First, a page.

// Support variables for extras function
    var errorConstructor = {
        "Error":true,
        "EvalError":true,
        "RangeError":true,
        "ReferenceError":true,
        "SyntaxError":true,
        "TypeError":true,
        "URIError":true
    };
    var filledConstructor = {
        "Boolean":true,
        "Date":true,
        "String":true,
        "Number":true,
        "RegExp":true
    };
    var arrayConstructorsES5 = {
        "Array":true,
        "BigInt64Array":true,
        "BigUint64Array":true,
        "Float32Array":true,
        "Float64Array":true,
        "Int8Array":true,
        "Int16Array":true,
        "Int32Array":true,
        "Uint8Array":true,
        "Uint8ClampedArray":true,
        "Uint16Array":true,
        "Uint32Array":true,
    };
    var filledConstructorES6 = {
        "BigInt":true,
        "Symbol":true
    };


    function extras(top, from, to){
        
        // determine if obj is truthy 
        // and if obj is an object.
        if(from !== null && (typeof from === "object" || top) && !from.isActiveClone){
            
            // stifle further functions from entering this conditional
            // (initially, top === true because we are expecting that to is a function)
            top = false; 
            
            // if object was constructed
            // handle inheritance,
            // or utilize built-in constructors
            if(from.constructor && !to){

                let oType = from.constructor.name;


                if(filledConstructor[oType])
                    to = new from.constructor(from);

                else if(filledConstructorES6[oType])
                    to = from.constructor(from);

                else if(from.cloneNode)
                    to = from.cloneNode(true);

                else if(arrayConstructorsES5[oType])
                    to = new from.constructor(from.length);

                else if ( errorConstructor[oType] ){

                    if(from.stack){

                        to = new from.constructor(from.message);

                        to.stack = from.stack;
                    }

                    else
                        to = new Error(from.message + " INACCURATE OR MISSING STACK-TRACE");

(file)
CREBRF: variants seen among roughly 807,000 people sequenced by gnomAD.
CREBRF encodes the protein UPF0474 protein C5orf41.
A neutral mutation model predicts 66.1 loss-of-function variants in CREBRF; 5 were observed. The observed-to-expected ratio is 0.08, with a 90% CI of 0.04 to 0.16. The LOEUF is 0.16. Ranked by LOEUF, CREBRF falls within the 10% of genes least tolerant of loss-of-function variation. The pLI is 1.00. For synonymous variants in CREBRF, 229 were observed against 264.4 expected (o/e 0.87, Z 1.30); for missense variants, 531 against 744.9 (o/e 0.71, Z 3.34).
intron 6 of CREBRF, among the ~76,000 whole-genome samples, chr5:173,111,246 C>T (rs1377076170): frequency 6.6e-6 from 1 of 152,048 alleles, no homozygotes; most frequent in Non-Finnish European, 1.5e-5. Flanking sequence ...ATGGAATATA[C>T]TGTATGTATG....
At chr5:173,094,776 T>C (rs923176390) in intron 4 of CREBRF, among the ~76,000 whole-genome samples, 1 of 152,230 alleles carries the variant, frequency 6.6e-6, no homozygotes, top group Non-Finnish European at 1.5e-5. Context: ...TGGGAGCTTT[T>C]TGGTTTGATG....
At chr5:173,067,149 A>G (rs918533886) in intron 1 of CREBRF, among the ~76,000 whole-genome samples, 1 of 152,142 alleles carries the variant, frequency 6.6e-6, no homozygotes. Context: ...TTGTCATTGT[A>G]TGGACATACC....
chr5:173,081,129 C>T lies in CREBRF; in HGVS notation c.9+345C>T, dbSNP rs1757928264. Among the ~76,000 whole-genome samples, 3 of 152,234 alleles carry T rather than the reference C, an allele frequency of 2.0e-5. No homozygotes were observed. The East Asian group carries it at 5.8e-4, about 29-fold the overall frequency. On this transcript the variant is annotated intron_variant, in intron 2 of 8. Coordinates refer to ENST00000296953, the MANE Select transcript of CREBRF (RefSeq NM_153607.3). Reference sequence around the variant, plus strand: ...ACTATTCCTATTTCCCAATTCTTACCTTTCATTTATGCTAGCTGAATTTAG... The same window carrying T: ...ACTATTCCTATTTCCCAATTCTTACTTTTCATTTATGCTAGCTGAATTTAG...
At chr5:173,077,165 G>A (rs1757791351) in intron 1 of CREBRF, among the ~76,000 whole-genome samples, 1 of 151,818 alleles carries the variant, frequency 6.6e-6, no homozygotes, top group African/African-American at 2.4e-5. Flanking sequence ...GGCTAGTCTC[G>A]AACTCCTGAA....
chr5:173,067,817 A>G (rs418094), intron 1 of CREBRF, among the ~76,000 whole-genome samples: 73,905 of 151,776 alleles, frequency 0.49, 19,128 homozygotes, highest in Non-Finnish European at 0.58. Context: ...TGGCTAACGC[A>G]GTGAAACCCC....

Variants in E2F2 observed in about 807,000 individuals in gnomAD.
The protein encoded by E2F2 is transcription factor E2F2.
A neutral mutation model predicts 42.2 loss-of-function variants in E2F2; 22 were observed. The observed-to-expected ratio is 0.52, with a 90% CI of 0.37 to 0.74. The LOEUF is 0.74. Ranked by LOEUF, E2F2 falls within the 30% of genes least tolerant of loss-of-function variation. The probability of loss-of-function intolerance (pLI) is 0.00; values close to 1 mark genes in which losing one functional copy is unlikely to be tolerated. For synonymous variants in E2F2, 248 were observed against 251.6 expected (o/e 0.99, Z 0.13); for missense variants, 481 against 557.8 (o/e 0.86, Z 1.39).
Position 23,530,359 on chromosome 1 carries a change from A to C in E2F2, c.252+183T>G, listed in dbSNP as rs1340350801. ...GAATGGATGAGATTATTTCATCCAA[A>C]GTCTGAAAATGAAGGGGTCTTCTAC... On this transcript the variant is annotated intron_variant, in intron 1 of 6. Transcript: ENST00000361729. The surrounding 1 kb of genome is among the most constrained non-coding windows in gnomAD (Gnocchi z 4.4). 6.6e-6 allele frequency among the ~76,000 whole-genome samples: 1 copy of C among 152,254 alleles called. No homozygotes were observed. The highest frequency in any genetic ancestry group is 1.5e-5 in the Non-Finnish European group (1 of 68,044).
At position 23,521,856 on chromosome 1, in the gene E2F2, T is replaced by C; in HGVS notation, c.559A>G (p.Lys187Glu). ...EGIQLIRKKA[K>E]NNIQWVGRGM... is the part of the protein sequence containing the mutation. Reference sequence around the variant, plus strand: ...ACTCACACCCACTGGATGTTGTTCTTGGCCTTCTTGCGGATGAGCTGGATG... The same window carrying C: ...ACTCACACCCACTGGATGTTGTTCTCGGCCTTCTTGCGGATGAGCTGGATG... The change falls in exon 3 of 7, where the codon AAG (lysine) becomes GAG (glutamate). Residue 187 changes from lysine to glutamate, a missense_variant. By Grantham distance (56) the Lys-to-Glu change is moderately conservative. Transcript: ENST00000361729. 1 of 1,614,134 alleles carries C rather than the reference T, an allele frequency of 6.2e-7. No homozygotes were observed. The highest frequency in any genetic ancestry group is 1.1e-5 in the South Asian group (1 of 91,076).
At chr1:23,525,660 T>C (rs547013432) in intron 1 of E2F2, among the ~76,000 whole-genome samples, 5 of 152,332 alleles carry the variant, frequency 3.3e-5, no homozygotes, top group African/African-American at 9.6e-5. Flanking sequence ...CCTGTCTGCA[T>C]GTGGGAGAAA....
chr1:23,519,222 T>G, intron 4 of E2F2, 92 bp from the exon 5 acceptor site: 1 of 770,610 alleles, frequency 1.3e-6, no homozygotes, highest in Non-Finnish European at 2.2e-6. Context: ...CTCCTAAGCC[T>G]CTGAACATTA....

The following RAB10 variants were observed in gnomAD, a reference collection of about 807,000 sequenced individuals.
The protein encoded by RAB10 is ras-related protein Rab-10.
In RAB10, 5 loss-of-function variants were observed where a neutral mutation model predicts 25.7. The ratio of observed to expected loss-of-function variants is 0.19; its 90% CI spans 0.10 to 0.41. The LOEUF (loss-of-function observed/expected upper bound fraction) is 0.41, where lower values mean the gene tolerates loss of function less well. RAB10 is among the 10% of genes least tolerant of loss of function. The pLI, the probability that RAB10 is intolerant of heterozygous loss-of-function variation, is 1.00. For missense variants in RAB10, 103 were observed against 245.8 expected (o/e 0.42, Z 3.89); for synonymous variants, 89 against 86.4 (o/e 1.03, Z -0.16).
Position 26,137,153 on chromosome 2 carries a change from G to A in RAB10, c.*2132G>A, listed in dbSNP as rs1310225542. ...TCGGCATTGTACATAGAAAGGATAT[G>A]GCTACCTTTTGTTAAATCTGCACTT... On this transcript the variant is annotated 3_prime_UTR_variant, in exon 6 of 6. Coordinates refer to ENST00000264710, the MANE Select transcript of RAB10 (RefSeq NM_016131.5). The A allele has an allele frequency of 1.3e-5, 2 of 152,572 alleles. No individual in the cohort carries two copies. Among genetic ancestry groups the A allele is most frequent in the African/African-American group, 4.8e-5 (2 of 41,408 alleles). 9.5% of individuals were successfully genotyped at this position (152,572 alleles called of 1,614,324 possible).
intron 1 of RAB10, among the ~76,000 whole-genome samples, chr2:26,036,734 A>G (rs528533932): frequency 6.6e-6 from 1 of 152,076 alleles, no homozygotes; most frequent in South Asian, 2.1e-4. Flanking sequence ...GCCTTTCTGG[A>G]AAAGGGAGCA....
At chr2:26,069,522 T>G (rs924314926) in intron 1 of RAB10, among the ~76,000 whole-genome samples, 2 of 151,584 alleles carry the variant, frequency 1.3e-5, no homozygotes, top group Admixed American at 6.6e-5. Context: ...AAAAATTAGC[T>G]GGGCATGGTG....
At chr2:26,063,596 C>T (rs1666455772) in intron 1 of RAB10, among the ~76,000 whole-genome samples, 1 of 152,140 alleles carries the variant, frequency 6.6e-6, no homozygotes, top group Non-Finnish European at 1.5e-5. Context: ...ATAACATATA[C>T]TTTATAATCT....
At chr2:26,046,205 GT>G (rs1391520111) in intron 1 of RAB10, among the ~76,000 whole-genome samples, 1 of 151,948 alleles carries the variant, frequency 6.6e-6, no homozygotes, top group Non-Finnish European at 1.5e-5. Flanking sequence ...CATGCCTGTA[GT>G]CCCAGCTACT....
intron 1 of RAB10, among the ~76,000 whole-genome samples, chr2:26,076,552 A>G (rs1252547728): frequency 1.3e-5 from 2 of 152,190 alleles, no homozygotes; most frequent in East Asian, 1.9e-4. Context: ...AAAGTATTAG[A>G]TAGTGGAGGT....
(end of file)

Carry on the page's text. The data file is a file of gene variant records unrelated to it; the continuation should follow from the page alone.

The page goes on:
}

                else // troublesome if constructor is poorly formed
                    to = new from.constructor(); 
                
            }
            
            else // loses cross-frame magic
                to = Object.create(null); 

            
            
            
            let props = Object.getOwnPropertyNames(from);

            let descriptor;


            for(let i in props){

                descriptor = Object.getOwnPropertyDescriptor( from, props[i] );
                prop = props[i];

                // recurse into descriptor, if necessary
                // and assign prop to from
                if(descriptor.value){

                    if(
                      descriptor.value !== null && 
                      typeof descriptor.value === "object" &&
                      typeof descriptor.value.constructor !== "function"
                    ){
                          from.isActiveClone = true;
                          to[prop] = extras(false, from[prop]);
                          delete from.isActiveClone;
                        
                    }
                  else
                        to[prop] = from[prop];
                }
                else
                    Object.defineProperty( to, prop, descriptor );
            }
        }
      
        else if(typeof from === "function")
            return dirtyDeepClone(from);
        
        return from;
    }
    
    return dirtyDeepClone;
})();



// TESTS
class Animal {
  constructor(name) {
    this.name = name;
  }

  speak() {
    console.log(`${this.name} makes a noise.`);
  }
}

class Dog extends Animal {
  constructor(name) {
    super(name); // call the super class constructor and pass in the name parameter
  }

  speak() {
    console.log(`${this.name} barks.`);
  }
}

function aFunc(x){console.log(x);}
aFunc.g = "h";
aFunc.Fun = function(){this.a = "b";}

let newFunc = dirtyDeepClone(aFunc);
newFunc("y");
let deepNewFunc = new newFunc.Fun();
console.log(deepNewFunc);

let newAni = dirtyDeepClone(Animal);
let nA = new newAni("person");
nA.speak();

let newDog = dirtyDeepClone(Dog);
let nD = new newDog("mutt");
nD.speak();

console.log({newFunc});
console.log({newAni});
console.log({newDog});

12
  • This approach seems fine, but I don't understand why you'd need UUIDs? Just use an indexed array, or let the caller of the dirtyClone method specify a name if they care.
    – Bergi
    Jul 9, 2021 at 17:07
  • @Bergi The use of uuids ensures zero collisions without any further thought on the part of the developer. Names given to variables that receive the output of this cloning function are controlled by the dev, and outputs can be pushed to an array or wherever they prefer.